Ultra Resources uses chemicals in hydraulic fracturing (fracking) to break open underground gas deposits. Then its crews get rid of the spent fluids by injecting them nearly three miles into the ground. It's common practice in the industry, but it might be causing a side-effect that's gotten fewer headlines than alleged groundwater contamination.
There's not much scientific data pointing to the drilling industry, but mounting anecdotal evidence suggests it might be playing a role in subterranean earth movement. Consider:
Ohio, Jan. 4, 2012, bloomberg.com: "The mayor of Youngstown, Ohio, says he wonders whether a well used to dispose of wastewater from oil and natural-gas drilling is making his city shake. Just to be safe, he's bought earthquake insurance ...
"There have been 11 earthquakes in this northeastern Ohio city since D&L Energy Inc., began injecting drilling brine, a byproduct of hydraulic fracturing, 9,200 feet (2,804 meters) underground in December 2010. The strongest, magnitude 4.0, hit last week on New Year's Eve."
England, Nov. 7, 2011, businessinsider.com: "Following seismic tremors in North-West England this Spring, the firm exploring for natural shale gas in the region has admitted that the disturbances were caused by the controversial exploration process of fracking ... A press release from Cuadrilla Resources, who was responsible for exploration in the region, reported that:
"'The hydraulic fracturing of Cuadrilla's Preese Hall-1 well did trigger a number of minor seismic events.'"
Oklahoma, Nov. 6, 2011, Associated Press: "The magnitude 5.6 earthquake and its aftershocks still had residents rattled Sunday ... the weekend earthquakes were among the strongest yet in a state that has seen a dramatic, unexplained increase in seismic activity.
"Oklahoma typically had about 50 earthquakes a year until 2009. Then the number spiked, and 1,047 quakes shook the state last year, prompting researchers to install seismographs in the area ... There are 181 injection wells in the Oklahoma county where most of the weekend earthquakes happened, said Matt Skinner, spokesman for the Oklahoma Corporation Commission."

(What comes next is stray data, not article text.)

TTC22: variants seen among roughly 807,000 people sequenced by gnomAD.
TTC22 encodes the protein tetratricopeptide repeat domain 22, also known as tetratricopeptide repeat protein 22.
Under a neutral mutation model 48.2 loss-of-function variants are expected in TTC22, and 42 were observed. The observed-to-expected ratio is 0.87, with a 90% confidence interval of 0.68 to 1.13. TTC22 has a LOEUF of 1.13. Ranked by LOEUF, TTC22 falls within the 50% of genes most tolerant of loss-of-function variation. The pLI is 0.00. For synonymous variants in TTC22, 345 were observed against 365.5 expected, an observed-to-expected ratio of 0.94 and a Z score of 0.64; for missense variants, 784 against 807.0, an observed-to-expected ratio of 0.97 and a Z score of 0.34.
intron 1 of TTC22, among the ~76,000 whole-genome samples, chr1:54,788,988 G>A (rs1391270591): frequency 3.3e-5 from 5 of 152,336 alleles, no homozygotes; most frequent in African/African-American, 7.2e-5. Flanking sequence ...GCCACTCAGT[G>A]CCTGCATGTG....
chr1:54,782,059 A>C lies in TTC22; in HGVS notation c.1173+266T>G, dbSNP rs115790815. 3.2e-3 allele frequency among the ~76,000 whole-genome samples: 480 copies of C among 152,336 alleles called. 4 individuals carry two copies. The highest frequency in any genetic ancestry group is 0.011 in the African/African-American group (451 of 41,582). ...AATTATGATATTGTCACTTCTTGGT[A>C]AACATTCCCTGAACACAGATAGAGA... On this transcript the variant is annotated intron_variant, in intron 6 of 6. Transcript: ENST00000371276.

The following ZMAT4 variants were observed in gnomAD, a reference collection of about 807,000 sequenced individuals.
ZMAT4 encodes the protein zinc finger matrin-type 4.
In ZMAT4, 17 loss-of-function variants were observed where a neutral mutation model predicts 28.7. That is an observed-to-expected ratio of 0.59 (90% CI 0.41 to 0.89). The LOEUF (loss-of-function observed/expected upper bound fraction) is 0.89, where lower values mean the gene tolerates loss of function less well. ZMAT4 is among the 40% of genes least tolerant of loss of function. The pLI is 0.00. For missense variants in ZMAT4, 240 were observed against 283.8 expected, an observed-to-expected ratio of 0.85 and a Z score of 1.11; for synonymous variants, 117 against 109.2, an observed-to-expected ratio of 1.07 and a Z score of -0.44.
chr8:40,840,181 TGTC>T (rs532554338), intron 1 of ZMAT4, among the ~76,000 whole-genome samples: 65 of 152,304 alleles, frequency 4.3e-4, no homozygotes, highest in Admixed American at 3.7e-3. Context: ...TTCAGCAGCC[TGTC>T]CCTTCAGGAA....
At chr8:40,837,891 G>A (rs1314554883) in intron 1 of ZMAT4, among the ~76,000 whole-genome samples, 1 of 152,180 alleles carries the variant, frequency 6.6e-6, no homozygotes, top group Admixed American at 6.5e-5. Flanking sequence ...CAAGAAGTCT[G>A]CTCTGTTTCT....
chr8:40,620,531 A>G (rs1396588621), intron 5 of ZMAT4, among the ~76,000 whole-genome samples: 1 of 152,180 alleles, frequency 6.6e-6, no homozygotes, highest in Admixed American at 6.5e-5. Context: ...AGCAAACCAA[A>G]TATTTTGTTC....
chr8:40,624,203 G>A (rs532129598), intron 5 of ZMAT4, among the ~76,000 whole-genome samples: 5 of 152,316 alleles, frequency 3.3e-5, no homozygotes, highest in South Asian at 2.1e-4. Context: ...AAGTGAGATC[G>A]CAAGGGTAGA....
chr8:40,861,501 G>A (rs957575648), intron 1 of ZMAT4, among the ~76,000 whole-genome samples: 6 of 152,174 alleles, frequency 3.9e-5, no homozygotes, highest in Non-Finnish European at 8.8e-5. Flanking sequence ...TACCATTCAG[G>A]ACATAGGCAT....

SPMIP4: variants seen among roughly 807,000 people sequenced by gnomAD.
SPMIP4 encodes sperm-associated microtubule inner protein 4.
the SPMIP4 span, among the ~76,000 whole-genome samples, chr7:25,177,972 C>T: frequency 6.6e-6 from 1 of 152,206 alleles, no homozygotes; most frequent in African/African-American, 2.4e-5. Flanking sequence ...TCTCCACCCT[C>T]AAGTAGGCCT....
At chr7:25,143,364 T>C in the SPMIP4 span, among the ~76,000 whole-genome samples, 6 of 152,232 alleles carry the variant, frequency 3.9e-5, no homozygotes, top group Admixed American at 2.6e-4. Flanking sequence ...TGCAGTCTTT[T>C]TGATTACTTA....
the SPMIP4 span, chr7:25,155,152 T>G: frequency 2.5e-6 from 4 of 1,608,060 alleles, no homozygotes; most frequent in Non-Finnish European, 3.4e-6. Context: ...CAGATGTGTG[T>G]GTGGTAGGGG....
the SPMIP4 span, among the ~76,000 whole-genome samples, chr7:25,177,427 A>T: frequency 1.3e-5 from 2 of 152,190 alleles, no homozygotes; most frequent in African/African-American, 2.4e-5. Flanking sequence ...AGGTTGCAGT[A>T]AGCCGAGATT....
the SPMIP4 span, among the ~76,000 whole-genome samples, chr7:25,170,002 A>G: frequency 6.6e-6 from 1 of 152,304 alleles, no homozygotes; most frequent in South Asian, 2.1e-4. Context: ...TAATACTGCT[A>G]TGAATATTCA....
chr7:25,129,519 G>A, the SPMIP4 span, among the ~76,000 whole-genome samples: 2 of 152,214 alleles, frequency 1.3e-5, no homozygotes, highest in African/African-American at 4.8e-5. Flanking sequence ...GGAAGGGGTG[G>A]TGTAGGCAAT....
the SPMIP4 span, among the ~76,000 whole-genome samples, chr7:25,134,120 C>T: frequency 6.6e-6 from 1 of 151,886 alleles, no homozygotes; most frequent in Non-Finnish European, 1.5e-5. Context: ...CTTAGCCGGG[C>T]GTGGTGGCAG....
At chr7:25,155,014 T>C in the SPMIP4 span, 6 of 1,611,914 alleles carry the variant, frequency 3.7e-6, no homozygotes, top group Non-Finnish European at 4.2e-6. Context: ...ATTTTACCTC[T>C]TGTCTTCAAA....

East Coast, Aug. 31, 2011, Workers World: "Is there a connection between the controversial natural gas drilling process known as hydraulic fracturing, or fracking, and the extremely rare 5.8-magnitude earthquake that rocked Washington, D.C., and significant sections of the U.S. East Coast on Aug. 23? This is a question many scientists are now asking.
"U.S. Geological Survey scientist Mike Blanpied stated that while the drilling process has been linked to very small earthquakes, it has not been known to induce large quakes. However Blanpied admitted that 'the thing that can induce larger earthquakes is the high-pressure waste fluid injection that's done in some places.'"
Arkansas, April 21, 2011, abcnews.go.com: "Hundreds of small and medium-scale earthquakes have been rattling the area around Guy, Ark., and residents say wastewater injection wells being drilled in their area are to blame. ...
"In February, shocks from a 4.7-magnitude earthquake near the town were felt as far away as Memphis, Tenn., the biggest quake in the region in 35 years. ...
"Since the two injection wells were shut down in March, the earthquakes have not completed [sic] stopped in Arkansas. But Scott Ausbrooks, a geologist with the Arkansas Geological Survey and a lead detective on the case, said they have tapered off dramatically."
West Virginia, Nov. 24, 2010, insurancejournal.com: "Officials say there's no clear explanation for what may have prompted several earthquakes near Frametown earlier this year. Some have speculated that the cluster of small earthquakes was linked to local gas drilling ...
"Chesapeake Energy operates an underground injection well near Frametown..... [Delegate Brent] Boggs says that since the earthquakes, Chesapeake has decreased the amount of fluid it's putting underground.
"'Since that time, we've had no events,' Boggs said."
Texas, June 12, 2009, Associated Press: "The earth moved here on June 2. It was the first recorded earthquake in this Texas town's 140-year history — but not the last. There have been four small earthquakes since, none with a magnitude greater than 2.8 ... There is no consensus among scientists about whether the [fracking] practice is contributing to the quakes. But such seismic activity was once rare in Texas and seems to be increasing lately, lending support to the theory that drilling is having a destabilizing effect."
— Compiled by Pam Zubeck